• Thu. Jun 13th, 2024

Genre Spotlight: Dystopian Fiction

ByBen Laidler

Sep 26, 2023
1984 book covers

‘You asked me once,’ said O’Brien, ‘what was in Room 101. The thing that is in Room 101 is the worst thing in the world.’

‘The worst thing in the world’ answers excellently the question “What is Dystopia?” The Oxford dictionary describes Dystopia as ‘an imagined state or society in which there is great suffering or injustice’, all the more relevant to us in a world where suffering and injustice is pushed further into our faces each day.

Dystopia originates from Thomas More’s ‘Utopia’ (a “good place”), and is its antithesis. Literature in this genre satirises the worst aspects of society, often focusing on violence, brutality, torture, and the conflicts of humanity against both itself and the earth. It goes without saying that Dystopian novels frequently contain upsetting themes – as the genre aims to highlight the mistakes of society and stop these ‘dystopias’ from eventually occurring. In the words of Ray Bradbury, author of Fahrenheit 451; “I am a preventer of futures, not a predictor of them.” Fahrenheit 451 is a fantastic and compelling novel focusing largely on the themes of book burning and education (451 degrees Fahrenheit being the temperature that paper burns).

It’s no surprise that dystopian novels are more frequently published around times of great suffering. Novels such as Bradbury’s and George Orwell’s famous 1984 emerged in the wake of World War Two, Zamyatin’s We (often credited as one of the founding novels of the dystopian genre) from the horror of Stalin’s regime, and Huxley’s Brave New World was written during the great economic depression in the UK. Dystopias take the miseries of their time and create entire civilizations from them.

To begin reading dystopia, the aforementioned novels are a great place to start. Brave New World, We, and 1984 each provide an alternative take on the dystopian genre, focusing on differing but comparable themes. It is worth noting, however, that some of these novels are almost a century old, and in places the antiquity of these novels shows through sexist and racist themes.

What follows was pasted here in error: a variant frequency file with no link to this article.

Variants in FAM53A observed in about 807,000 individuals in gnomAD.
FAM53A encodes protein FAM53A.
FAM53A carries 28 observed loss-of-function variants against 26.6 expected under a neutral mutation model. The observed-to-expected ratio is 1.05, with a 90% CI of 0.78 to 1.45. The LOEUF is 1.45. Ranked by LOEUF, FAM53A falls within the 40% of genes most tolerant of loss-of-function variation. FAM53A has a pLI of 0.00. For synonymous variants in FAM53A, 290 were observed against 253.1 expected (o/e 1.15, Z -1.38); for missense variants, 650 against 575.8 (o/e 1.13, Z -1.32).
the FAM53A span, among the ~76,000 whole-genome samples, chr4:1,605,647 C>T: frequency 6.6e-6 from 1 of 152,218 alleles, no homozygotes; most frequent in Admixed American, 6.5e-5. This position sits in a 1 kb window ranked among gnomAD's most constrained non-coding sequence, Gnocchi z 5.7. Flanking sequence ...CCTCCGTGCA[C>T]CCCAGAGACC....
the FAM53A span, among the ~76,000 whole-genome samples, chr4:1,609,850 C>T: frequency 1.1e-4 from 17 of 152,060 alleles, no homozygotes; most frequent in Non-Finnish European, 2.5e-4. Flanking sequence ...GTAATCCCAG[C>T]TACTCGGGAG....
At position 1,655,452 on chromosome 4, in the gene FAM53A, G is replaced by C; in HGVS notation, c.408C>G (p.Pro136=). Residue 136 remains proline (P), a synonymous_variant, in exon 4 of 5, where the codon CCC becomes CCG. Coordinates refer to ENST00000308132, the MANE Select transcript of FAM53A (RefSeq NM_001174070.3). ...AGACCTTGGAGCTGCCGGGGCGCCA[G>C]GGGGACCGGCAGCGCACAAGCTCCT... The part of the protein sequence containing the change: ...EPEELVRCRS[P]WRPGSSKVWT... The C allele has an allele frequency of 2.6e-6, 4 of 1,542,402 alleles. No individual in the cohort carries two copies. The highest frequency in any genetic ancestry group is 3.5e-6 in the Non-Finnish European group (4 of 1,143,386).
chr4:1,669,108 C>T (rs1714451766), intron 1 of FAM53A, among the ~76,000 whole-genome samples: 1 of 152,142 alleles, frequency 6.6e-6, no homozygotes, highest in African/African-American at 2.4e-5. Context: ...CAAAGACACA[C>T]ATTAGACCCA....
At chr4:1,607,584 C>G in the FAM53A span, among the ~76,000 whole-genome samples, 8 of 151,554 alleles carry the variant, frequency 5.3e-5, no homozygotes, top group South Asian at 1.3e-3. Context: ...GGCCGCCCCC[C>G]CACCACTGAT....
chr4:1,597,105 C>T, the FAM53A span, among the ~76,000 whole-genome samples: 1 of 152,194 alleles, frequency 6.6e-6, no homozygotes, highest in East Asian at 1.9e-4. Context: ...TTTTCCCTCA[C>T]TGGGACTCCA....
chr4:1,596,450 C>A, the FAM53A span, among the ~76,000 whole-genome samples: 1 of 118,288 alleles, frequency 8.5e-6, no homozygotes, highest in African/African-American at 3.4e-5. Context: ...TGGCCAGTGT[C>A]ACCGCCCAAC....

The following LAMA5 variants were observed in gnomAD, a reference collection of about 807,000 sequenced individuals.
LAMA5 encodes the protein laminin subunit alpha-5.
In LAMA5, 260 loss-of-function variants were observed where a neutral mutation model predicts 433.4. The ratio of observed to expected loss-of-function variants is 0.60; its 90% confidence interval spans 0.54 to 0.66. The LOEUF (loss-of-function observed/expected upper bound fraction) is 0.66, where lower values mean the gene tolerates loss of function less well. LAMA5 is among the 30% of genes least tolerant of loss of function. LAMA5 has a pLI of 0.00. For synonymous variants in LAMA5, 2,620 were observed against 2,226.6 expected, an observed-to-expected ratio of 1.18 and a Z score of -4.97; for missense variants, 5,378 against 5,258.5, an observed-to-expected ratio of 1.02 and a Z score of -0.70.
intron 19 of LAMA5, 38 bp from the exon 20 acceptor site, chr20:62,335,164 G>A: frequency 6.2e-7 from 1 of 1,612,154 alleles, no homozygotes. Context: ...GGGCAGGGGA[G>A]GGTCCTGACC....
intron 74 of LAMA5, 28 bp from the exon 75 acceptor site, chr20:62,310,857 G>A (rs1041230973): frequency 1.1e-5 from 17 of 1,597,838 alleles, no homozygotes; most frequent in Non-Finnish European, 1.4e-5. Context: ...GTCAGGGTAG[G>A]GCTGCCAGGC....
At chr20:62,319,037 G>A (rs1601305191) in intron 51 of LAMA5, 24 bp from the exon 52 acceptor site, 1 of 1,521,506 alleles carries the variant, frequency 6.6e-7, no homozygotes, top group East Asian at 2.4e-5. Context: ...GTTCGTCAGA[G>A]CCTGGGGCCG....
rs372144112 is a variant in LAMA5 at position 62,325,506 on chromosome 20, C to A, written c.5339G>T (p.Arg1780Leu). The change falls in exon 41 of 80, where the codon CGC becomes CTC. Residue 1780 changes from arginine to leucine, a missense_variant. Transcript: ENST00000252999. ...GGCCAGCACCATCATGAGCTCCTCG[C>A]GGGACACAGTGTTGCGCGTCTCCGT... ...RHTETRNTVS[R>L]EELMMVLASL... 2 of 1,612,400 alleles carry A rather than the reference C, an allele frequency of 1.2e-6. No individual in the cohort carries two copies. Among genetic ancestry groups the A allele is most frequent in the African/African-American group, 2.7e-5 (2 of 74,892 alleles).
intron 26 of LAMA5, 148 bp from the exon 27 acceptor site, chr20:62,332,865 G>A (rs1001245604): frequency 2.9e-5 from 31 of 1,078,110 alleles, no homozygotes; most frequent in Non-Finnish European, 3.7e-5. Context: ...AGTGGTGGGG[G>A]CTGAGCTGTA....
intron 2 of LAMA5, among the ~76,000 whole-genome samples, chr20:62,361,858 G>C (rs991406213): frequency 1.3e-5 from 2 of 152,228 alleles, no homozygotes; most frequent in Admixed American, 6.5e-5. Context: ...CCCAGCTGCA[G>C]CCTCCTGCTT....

With the turn of the century the dystopian genre had a resurgence, particularly among the youth, broadening the genre for larger audiences. Novels and major film adaptations like The Hunger Games, The Maze Runner and the Divergent series all follow key dystopian principles but for a YA audience. In many more recent dystopias, focus has largely moved from authoritarian regimes to environmental concerns, with these new ideas of ‘the worst thing in the world’ often relating to the growing threats of climate change and global warming rather than dictatorships. Again, this highlights the satirical nature of these books as they connect to the fears of the younger generations. Even with childrens stories like Seuss’ The Lorax, containing surprisingly chilling dystopian themes for a children’s book.

My favourite writer in this genre is Margaret Atwood, whose most famous novel, The Handmaid’s Tale, has been one of the most politically relevant books for all 38 years since its publication. Here, as well as in novels like Red Clocks, and The Woman on the Edge of Time, second and third wave feminism meets dystopian satire to create powerful and terrifying cautionary warnings for the future. Oryx and Crake, another of Atwood’s novels and my favourite dystopian novel, blends a number of dystopian genres and themes into one incredibly complex and moving picture, and is well worth checking out for anyone looking for their next read.

1984 Book Covers” by colindunn is licensed under CC BY 2.0.